The Republic

Pdf fan dd71f526917d6085d66d045bd94fb5b55d02a108dd45d836cbdd4abe2d4c043d Tap here to download this LitChart! (PDF)

The City Symbol Analysis

The City Symbol Icon
The just city is a larger version of the just man, with the three social classes (producers, warriors and guardians) working together as the three parts of the soul work together in the just man. Two key concepts for the city are the emphasis on specialization, so that each person is trained for a particular occupation, and the emphasis on education, which encourages specialization and trains the guardians and the philosopher-king to properly rule. The ultimate failure of the city is tied to the failure of the education system, when someone whose aptitudes and nature are not suited to being a guardian, is selected in childhood and educated as a guardian.

The City Quotes in The Republic

The The Republic quotes below all refer to the symbol of The City. For each quote, you can also see the other characters and themes related to it (each theme is indicated by its own dot and icon, like this one:
Education Theme Icon
). Note: all page and citation info for the quotes below refers to the Dover Publications edition of The Republic published in 2000.
Book 2 Quotes
And if so, we must infer that all things are produced more plentifully and easily and of a better quality when one man does one thing which is natural to him, and does it at the right time, and leaves other things.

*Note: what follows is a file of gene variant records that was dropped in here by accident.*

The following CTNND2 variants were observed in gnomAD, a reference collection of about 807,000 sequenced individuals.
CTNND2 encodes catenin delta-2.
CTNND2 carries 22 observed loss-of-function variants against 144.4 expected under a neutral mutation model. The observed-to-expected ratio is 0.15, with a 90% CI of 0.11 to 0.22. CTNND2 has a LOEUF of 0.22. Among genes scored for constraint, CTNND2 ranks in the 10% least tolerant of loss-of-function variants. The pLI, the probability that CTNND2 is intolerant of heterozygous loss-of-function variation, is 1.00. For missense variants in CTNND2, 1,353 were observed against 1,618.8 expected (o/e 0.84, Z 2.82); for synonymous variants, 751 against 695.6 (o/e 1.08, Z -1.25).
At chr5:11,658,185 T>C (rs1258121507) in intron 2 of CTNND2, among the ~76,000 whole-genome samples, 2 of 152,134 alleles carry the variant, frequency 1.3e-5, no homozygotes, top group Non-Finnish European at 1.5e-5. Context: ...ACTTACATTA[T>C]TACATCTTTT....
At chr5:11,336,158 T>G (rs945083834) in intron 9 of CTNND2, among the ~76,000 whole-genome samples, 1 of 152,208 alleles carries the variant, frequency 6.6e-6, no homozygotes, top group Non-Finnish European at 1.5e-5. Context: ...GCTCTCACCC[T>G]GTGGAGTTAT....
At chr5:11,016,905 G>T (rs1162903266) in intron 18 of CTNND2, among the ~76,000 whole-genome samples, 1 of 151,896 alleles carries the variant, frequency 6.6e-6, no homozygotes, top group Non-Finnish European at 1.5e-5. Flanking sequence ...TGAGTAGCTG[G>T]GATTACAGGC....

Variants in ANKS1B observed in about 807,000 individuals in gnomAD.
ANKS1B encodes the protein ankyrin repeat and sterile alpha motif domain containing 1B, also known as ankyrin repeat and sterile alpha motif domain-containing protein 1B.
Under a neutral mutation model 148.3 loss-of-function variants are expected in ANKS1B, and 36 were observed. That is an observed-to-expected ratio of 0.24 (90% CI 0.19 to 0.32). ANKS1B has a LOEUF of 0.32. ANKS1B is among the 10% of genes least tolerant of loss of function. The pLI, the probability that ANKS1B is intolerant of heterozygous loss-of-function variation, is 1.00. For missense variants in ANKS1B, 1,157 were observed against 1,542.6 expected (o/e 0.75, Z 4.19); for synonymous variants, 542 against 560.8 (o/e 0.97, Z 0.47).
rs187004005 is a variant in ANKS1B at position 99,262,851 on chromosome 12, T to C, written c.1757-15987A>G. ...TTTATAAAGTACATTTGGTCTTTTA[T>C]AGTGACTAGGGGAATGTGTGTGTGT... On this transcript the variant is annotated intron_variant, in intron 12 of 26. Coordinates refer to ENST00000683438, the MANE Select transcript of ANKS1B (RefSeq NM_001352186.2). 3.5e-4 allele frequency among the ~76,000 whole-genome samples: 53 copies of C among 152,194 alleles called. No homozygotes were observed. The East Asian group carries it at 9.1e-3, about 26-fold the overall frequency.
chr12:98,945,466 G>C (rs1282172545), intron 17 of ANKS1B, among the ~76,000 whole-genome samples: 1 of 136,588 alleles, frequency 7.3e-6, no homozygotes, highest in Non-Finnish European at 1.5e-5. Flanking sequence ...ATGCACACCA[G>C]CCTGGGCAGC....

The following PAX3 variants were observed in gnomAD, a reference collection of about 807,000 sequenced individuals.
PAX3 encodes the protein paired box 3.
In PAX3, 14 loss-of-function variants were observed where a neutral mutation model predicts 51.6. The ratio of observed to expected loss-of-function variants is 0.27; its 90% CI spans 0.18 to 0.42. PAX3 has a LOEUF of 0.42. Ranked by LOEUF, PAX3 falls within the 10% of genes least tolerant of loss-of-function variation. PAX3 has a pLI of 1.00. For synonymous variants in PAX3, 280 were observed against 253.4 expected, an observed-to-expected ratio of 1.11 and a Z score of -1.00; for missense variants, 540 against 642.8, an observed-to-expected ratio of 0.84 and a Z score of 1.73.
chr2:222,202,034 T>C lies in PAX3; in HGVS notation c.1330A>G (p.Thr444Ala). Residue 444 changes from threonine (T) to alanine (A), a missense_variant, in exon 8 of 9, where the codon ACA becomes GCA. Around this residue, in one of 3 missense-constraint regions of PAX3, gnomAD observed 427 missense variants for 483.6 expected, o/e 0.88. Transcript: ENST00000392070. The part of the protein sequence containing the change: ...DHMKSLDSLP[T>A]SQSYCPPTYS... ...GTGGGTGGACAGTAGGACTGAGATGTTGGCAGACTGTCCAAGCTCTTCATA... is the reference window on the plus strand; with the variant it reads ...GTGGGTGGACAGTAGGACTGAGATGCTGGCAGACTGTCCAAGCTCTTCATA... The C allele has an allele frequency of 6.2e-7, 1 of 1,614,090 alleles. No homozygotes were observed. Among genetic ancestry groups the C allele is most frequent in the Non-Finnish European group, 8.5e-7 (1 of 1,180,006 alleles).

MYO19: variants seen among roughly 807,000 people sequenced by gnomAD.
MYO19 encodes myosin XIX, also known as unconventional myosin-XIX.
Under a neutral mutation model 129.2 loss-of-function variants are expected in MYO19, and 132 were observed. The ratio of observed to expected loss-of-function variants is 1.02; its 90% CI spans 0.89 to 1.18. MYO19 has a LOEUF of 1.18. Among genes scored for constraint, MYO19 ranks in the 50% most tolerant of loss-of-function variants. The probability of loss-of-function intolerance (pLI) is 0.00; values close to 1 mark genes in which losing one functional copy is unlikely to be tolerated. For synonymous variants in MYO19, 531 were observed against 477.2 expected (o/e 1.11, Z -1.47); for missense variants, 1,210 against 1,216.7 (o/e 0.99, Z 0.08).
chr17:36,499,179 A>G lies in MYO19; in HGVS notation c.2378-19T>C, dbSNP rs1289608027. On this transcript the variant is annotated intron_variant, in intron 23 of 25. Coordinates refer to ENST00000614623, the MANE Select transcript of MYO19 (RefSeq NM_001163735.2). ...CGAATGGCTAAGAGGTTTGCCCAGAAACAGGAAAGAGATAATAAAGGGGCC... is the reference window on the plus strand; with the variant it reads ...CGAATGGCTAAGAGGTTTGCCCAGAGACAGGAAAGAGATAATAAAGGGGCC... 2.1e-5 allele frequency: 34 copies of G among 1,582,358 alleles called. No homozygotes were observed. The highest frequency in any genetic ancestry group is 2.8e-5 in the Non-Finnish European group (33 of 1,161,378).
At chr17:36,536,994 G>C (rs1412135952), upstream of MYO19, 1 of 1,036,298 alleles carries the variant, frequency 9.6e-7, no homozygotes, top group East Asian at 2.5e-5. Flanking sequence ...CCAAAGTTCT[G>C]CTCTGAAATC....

Related Characters: Socrates (speaker)
Related Symbols: The City
Page Number: 41
Explanation and Analysis:

Socrates continues to spell out the conditions for his ideal city. He explains that each citizen should be tasked with a specific duty based on his or her inherent aptitude.

This passage corroborates the way that Socrates envisions a highly authoritarian state. Instead of allowing people to pursue their interests or passions, he focuses on what will maximize utility: what will allow “better quality” in society produced at faster rates and “more easily.” His model does not allow for the presence of human free will, but rather slots each citizen into a specific, almost mechanical, positions to optimize the larger entity.

His model also posits the existence of inherent aptitude for each person. To assume there is a single thing “which is natural to him” is to presume that each person possesses this natural affiliation for a certain form of work. Indeed, such assumptions are typical of Socrates’ philosophy, which tends to rely on essential virtues and essential qualities in people. Here, the model is that each person has such an essence that when manifested perfectly will result in the optimal functioning of the self and the city. Thus Socrates defines his model of justice as combination of inherent skill and a rigid social system that would maximize that skill.

A+

Unlock explanations and citation info for this and every other The Republic quote.

Plus so much more...

Get LitCharts A+
Already a LitCharts A+ member? Sign in!
Get the entire The Republic LitChart as a printable PDF.
The republic.pdf.medium

The City Symbol Timeline in The Republic

The timeline below shows where the symbol The City appears in The Republic. The colored dots and icons indicate which themes are associated with that appearance.
Book 1
Justice Theme Icon
Thrasymachus asserts that an unjust city would enslave other cities. Socrates responds that in an unjust city, everyone is unjust. Soldiers... (full context)
Book 2
Justice Theme Icon
Socrates proposes first to examine the justice of the city, because it is easier to determine what is just for the group then for the... (full context)
Education Theme Icon
Specialization Theme Icon
Truth Theme Icon
A city needs people, food, shelter, and goods, with each person specializing in a particular occupation. The... (full context)
Education Theme Icon